Wednesday, May 29, 2024

Mildura gets in touch with digital history wall

Locals and visitors to Sunraysia can now immerse themselves in the region’s rich history, destinations and attractions from one innovative location following the launch of the new Mildura Powerhouse Interactive Touch Wall.

Launched at the Mildura Visitor Information and Booking Centre this week, the large digital touch wall is fully interactive, allowing people to touch, move, enlarge and manipulate every image and object on the giant screen.

Each of the interactive items tells a story about the local community, whether it’s through visuals or short stories, all accessible with the touch or swipe of a finger.

Council says the touch wall will eventually be relocated to the Powerhouse precinct once it is completed.

Councillor for Economic Development and Tourism, Stefano de Pieri said the project would appeal to both locals and visitors.

“This is a fun and innovative way to inspire and connect locals and visitors to the history of our region, and the many features and destinations it offers,” Cr de Pieri said.

“For visitors, it will serve as an immersive source of inspiration and information before they go out and start travelling through our region.

“For locals, it could be just the thing to help them learn more about the place they call home.”

Cr de Pieri said one of the features of the touch wall was the inclusion of artwork from the Christie Centre’s ArtRageUs studio.

“The touch wall features about 10 illustrations from more than 16 ArtRageUs artists, which not only adds a great deal to the visual element and content of the touch wall, but is a great way for us to collaborate with our community,” he said.

ArtRageUs Disability Support Worker, Mark Pettet said the touch wall provided a raft of opportunities and benefits for his artists.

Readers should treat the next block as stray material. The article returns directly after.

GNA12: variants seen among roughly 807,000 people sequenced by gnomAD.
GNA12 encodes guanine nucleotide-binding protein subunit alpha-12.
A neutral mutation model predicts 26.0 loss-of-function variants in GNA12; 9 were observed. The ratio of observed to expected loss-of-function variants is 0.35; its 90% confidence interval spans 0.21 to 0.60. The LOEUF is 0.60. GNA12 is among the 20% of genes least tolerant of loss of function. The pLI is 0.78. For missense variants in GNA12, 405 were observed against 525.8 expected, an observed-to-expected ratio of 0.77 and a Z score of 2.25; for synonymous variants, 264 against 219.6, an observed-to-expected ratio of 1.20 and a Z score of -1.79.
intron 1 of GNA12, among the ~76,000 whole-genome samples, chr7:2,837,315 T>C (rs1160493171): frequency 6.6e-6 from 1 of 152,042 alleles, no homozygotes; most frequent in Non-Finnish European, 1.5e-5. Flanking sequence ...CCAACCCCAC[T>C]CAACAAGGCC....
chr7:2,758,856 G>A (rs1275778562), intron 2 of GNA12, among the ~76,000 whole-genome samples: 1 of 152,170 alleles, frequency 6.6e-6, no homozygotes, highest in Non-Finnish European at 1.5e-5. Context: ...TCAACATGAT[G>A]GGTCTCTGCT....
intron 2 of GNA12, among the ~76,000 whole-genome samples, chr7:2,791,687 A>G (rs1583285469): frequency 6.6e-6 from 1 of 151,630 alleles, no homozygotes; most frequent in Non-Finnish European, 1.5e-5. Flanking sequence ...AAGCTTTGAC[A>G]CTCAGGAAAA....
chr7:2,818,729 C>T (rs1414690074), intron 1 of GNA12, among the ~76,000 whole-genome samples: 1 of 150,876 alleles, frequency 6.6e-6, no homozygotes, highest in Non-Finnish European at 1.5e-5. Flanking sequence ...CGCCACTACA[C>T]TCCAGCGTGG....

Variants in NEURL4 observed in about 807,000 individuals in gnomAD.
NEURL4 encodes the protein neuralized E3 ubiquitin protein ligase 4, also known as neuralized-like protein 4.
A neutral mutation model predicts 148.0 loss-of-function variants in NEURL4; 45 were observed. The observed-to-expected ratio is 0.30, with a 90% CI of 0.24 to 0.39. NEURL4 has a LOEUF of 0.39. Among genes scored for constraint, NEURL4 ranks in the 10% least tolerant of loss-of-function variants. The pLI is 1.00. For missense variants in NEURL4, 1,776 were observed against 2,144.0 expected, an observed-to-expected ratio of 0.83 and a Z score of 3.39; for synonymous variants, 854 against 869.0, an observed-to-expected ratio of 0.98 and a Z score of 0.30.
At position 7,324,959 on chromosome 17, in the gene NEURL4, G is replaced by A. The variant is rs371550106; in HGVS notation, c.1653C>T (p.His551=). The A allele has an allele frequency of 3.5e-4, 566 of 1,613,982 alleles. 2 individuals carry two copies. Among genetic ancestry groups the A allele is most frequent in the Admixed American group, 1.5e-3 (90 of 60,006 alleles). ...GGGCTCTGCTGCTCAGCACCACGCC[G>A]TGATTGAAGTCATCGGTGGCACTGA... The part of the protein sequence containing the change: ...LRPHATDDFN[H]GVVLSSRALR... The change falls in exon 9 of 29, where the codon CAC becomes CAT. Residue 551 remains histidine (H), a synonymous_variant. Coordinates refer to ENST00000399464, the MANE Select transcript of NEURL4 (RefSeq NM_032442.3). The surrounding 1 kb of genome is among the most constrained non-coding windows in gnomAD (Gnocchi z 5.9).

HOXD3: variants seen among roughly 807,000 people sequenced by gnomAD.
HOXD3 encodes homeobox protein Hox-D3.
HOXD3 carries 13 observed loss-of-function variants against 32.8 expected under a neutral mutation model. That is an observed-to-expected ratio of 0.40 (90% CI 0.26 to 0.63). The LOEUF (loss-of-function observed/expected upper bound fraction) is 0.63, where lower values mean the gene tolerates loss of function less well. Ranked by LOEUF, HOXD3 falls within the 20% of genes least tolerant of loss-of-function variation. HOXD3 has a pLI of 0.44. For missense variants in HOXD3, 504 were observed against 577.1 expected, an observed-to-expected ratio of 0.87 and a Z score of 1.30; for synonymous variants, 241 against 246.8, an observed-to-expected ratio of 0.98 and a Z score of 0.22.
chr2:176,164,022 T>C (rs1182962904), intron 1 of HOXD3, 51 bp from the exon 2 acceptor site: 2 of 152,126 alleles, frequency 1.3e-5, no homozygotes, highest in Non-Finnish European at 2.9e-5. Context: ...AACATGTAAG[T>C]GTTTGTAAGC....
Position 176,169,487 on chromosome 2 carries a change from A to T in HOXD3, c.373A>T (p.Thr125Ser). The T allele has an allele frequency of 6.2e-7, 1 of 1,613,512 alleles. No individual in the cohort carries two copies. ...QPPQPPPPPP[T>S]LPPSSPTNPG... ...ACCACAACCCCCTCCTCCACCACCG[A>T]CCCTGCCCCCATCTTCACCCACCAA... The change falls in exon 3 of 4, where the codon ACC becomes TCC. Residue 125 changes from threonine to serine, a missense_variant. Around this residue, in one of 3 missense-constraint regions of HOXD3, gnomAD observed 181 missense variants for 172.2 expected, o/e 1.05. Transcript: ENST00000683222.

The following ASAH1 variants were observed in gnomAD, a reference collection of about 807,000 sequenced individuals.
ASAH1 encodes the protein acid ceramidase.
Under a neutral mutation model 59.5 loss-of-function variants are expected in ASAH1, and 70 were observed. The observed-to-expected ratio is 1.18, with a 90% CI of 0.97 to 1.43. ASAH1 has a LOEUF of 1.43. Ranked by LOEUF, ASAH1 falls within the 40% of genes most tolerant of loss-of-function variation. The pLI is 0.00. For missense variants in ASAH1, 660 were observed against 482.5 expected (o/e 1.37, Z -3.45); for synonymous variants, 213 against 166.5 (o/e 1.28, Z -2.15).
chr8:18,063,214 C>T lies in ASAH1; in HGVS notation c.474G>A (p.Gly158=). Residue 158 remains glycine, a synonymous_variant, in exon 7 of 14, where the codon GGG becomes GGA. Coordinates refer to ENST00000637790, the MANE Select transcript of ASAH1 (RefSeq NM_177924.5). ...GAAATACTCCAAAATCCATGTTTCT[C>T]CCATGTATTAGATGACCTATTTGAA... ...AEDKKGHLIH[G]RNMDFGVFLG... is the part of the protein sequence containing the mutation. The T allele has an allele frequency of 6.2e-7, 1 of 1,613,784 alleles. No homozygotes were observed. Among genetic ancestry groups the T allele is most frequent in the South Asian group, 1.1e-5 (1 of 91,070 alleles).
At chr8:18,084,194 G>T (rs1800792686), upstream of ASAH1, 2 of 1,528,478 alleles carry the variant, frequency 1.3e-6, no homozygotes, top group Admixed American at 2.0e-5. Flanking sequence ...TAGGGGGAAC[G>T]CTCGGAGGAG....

“We were really excited when Council approached us to be involved in the touch wall, it’s just a wonderful, inclusive chance to be part of something that can be seen more broadly within the community,” Mr Pettet said.

“Many of the team were very prolific, they were full-on with their designs, and we were overwhelmed by the different illustrations, the different interpretations.

“The line-work was created and from there we were able to get it imported, changed into animation, and then the artists were able to do the water colour work and bring it to light with the beautiful colours and images you see on the screen.”

Mr Pettet said that in addition to letting artists explore their passion, it was also a great social enterprise for ArtRageUs.

“This was a paid job through Council, so that was something that really inspired us as a studio and for the artists, because it gave that sense of inclusiveness,” he said.

“It gave that sense of pride that their work would be seen by the broader community and really something that would be immortalised in that work.

“It’s something that they can go back and tell family, friends, people that they want to bring along, that ‘this is my work’, and they can feel a great sense of pride in what they created.”

Council says the touch wall will be a constantly evolving project, easily and quickly updated with new information and content as needed, ensuring it continues to be relevant.

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